• Thank you, Myra. The cycles of nature nourish me always, but especially when things go wrong and I’m grieving. I walked at least 3 times a day the summer after Vic’s death, looking for every drop of beauty and every sign of the new, maturing, and dying. Now with Meniere’s, I keep walking (cell phone with me) although I sometimes stagger like a drunk because the inner ear problems make my balance poor.)

      Swallows sometimes do a lot of decorating. There are two eggs in the box now with no feathers–so far. Raccoons have small agile hands, so they reach right in entry hole and take eggs or babies. Snakes also love eggs, but they’re kept out by the guards and by wrapping the poles with mesh and chipmunks don’t seem interested. House sparrows will destroy another birds nest, but they make a bigger mess. I guess raccoon because of past experience with them and their agile hands and clever minds (we put spring loaded hooks on the box doors because they figure out how to open a regular hook), but whoever the culprit is, the predator guard seems to work. I’m relieved!! We all need predator guards. Sending you a circle of healing.

  3. After realizing the number of natural predators, over the last few years I’ve taken it upon myself to take the larvae inside-equipped with mountains of milkweed. 34 made it this year. It makes me happy.
    As far as your experience, Elaine, I have had the same types of thing happen to me. Having lost much of our connection to the natural world, I see us humans pretty much as bumbling-though some of us well-meaning-giants. The birds returning to the nest is a sure sign of the mothers forgiveness and patience with us.
    Also important to recognize how many beautiful birds have flown free due to your loving care…

    • I have a Monarch nursery on my back porch, Pamela, and keep a good supply of milkweed on hand. Last year, I released ~150 Monarchs during the summer and many were large migrators. Milkweed grows all over in the fields here. When I find an egg, I bring it in and keep it in a safe place (large covered glass pan lined with damp bamboo towels) until it hatches. Then I move it to a 1/2 cup jar with a fresh leaf and when it’s about 3rd or 4th instar, I move it to a mesh butterfly crate with similarly sized caterpillars and many milkweed cuttings to feed them until they climb to the top of the crate and make a chrysalis. I have only 8 caterpillars so far and have only seen one adult Monarch. Eight is a more than usual for June 9, so as always, we’ll see what happens next. I’m glad to know you’re also caring for the little ones. The Monarchs need our help.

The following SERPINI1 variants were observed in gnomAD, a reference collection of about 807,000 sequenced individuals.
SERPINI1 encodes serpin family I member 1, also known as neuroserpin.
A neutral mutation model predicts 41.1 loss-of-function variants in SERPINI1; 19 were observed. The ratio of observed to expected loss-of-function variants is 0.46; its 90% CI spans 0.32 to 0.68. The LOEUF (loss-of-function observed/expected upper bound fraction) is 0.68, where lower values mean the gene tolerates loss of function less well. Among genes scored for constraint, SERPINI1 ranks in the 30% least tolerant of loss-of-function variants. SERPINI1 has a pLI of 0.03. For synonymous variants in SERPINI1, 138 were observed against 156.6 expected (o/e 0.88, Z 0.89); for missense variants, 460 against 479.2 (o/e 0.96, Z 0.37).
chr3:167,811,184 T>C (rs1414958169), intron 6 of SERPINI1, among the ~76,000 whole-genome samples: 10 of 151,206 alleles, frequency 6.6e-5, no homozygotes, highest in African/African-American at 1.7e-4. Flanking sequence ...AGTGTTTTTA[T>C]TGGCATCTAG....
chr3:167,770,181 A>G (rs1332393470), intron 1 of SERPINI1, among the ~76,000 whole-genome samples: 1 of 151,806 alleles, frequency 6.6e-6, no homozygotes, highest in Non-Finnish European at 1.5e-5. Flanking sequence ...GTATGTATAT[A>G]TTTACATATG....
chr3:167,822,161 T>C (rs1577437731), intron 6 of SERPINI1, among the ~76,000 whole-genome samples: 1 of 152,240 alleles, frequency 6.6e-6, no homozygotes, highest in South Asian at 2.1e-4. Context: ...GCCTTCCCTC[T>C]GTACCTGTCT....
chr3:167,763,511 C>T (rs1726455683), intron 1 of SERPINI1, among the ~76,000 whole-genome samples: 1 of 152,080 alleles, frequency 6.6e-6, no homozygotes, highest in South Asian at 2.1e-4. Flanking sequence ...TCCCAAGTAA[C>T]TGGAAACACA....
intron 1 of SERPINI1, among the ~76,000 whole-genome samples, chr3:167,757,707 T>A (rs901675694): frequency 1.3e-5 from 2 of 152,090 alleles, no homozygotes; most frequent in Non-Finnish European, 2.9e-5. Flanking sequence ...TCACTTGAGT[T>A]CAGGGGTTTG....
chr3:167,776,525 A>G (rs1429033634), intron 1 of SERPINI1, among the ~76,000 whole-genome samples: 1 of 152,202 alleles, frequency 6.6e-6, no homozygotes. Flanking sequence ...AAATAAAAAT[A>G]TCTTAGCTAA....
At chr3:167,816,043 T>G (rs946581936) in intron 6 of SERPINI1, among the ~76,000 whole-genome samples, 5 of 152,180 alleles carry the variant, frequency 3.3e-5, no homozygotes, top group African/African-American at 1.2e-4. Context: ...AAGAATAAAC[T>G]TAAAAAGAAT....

I have been forgiven. There are two new swallow eggs this morning and all the babies from chickadees to bluebirds to wrens are doing well in the other nesting boxes. I’m a fan of predator guards! Thanks for your supportive comment.

  4. I’m so glad the swallows came back, Elaine! I really love how she offers a feather for each egg, and how you recorded that, and I felt a real shock of loss to hear of the attack.

    • I saw both parents (first thing I look for out the window when I wake up.) When I took the dogs out, I opened the nesting box and found two perfect eggs and no feathers. They don’t follow my rules, but I expect feathers could show up anytime–whenever she finds one that strikes her fancy. It could also be a different Tree Swallow female in the box. I have no way of knowing, but I’m glad she’s there and her mate is attentive. It’s a dangerous world.

  5. Knowing the season, I have imagined you immersed in nature these days, and so you are.

    I’m sure you know that it is natural for animal predators to prey, and it is human to become distracted and forget. Like you, I got a woebegone story out of my lack of mindfulness recently, featured in my blog post this week. The trick is to forgive ourselves. We are human; we are prone to forget important things. Your story reminds me that forgetfulness is a universal experience.

    I’m glad your story had a happy ending. Nature does prevail!

    • Yes, I’m immersed in planting and birding and searching for monarch eggs. I have 8 caterpillars so far. The raccoon (or other predator) was only doing what comes naturally, but I get so much pleasure from watching the birds through binoculars and telescope and camera. (This is what people who don’t have a television and can’t hear music do.) I look forward to reading your story. We’re only human! In this case, there are 2 eggs so far and I saw some sweet swallow love-making on the perch. More eggs to come–and I hope more feathers. Sending love and faith in happy endings.